Two weeks after my son was born (last full week of November), Good Shepherd began its third cohort for our fourth year BA in Religious Studies program. Our seminary traditionally offers a three-year course of studies in theology, Bible, and philosophy (with some social science training) and our students receive an Advanced Diploma in Religious Studies. Then they return to their dioceses for a year of pastoral work, which is serving at a parish under a priest-mentor. After this, they go to the seminary in Port Moresby for three more years of study, graduating with either an Advanced Degree in Theology or a BA in Theology (if they write a thesis).
Back in 2013 (our first term here), Good Shepherd launched a new program. We added a contextual theology research project to the pastoral years, as well as academic assignments to do on the history and organization of the student’s parish and diocese, on pastoral activities and catechetical programs, and their personal growth and challenges. Contextual theology is using social science research methods to provide insight into a pastoral or theological questions. For example, one student correlated family devotional practices and domestic violence. Another wrote on traditional initiation rites and their incorporation or lack of incorporation into Catholic sacraments of initiation (baptism, eucharist, confirmation). From the beginning, Rebecca and I have been involved in this program – helping the faculty understand how it is supposed to be run, arguing for high standards, and providing instruction for some of the assignments. Students receive two weeks of instruction right after graduation, another two weeks at mid-year (June), and then present their research project at the end of the year.
We’ve had trouble implementing the program. During the first year, eight students came for the first session, six came for the second, four came to present their projects, and two graduated. Last year, only one student agreed to do the program, though he did it well.
This year we expected five students to join the program, but only three came back to the campus. Our Dean of Studies did some planning, but decided midway through the first week that he wanted to focus on his transition out of the seminary to a parish assignment (his contract was up). The rector did not want to administer the program. So that left me, the Bible teacher, and the Catechist (who has 20+ years experience, but only basic studies) as possibilities for running the program. I was very hesitant to take the position, since I have not had a pastoral placement, nor am I formally trained in social science or theology, but if I did not take it, then the program would be cancelled. So I took it up, called in the Archbishop (who has a doctorate in anthropology) to give some classroom instruction, and wrote up program specification documents. It was a rocky start, but the students seem committed. Now I may have to give myself a crash course on social science research methods so that I can prepare some reading and study materials for the students for early next year.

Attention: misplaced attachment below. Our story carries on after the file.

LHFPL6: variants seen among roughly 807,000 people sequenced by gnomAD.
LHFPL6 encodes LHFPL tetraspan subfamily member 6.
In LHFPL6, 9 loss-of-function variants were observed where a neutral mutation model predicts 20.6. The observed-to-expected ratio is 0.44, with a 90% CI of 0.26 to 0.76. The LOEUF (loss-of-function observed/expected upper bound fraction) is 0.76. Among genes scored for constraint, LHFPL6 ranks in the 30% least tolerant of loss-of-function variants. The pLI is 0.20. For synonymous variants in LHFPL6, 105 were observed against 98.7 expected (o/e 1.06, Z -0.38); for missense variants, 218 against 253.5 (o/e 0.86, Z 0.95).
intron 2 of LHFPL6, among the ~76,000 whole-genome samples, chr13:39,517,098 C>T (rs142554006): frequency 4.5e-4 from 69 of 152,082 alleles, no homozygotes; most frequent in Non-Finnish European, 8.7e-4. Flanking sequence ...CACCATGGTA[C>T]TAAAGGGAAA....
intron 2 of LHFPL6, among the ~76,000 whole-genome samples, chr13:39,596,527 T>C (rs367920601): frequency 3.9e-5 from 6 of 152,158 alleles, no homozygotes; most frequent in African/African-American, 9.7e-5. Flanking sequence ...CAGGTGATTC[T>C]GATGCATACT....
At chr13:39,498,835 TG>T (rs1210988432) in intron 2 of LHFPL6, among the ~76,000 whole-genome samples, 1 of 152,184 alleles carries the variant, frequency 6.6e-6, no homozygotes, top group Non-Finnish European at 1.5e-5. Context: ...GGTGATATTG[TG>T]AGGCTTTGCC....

Here are the three:
Daniel from Wabag Diocese – Daniel was my best student, academically speaking, last year. He wrote a good paper on Hobbes’s Leviathan for me. He is very determined to earn his BA. He is interested in researching why young adults are not engaged in the Church.
Thomas from Mendi Diocese – Thomas was the class president last year. He and I had a good reconciliation after the trouble at the beginning of the term. He wants to write on parish renewal.
Paul is an ex-seminarian. He is now a senior teacher at a local secondary school. He is interested in best practices for teachers and what motivates good teachers. Paul is our first ever layman to be a student. It is my hope that next year we can open up the BA program to ex-seminarians in general and that Good Shepherd could even eventually be a Catholic liberal arts college and not just a seminary. Paul is the first step for the realization of my dream – though I will have to write up new policies for how a layperson will carry out what is supposed to be the pastoral year.
Please pray for me: that I carry out these responsibilities well and that I still have time for the dissertation.
A nice treat at the end of November is the luncheon (roast pig and vegetables served in giant metal bowls) for the support staff at the seminary – the cooks, security guards, gardeners, maintenance men, ditch diggers, and pig feeders. The seminary would quickly revert to bush without them!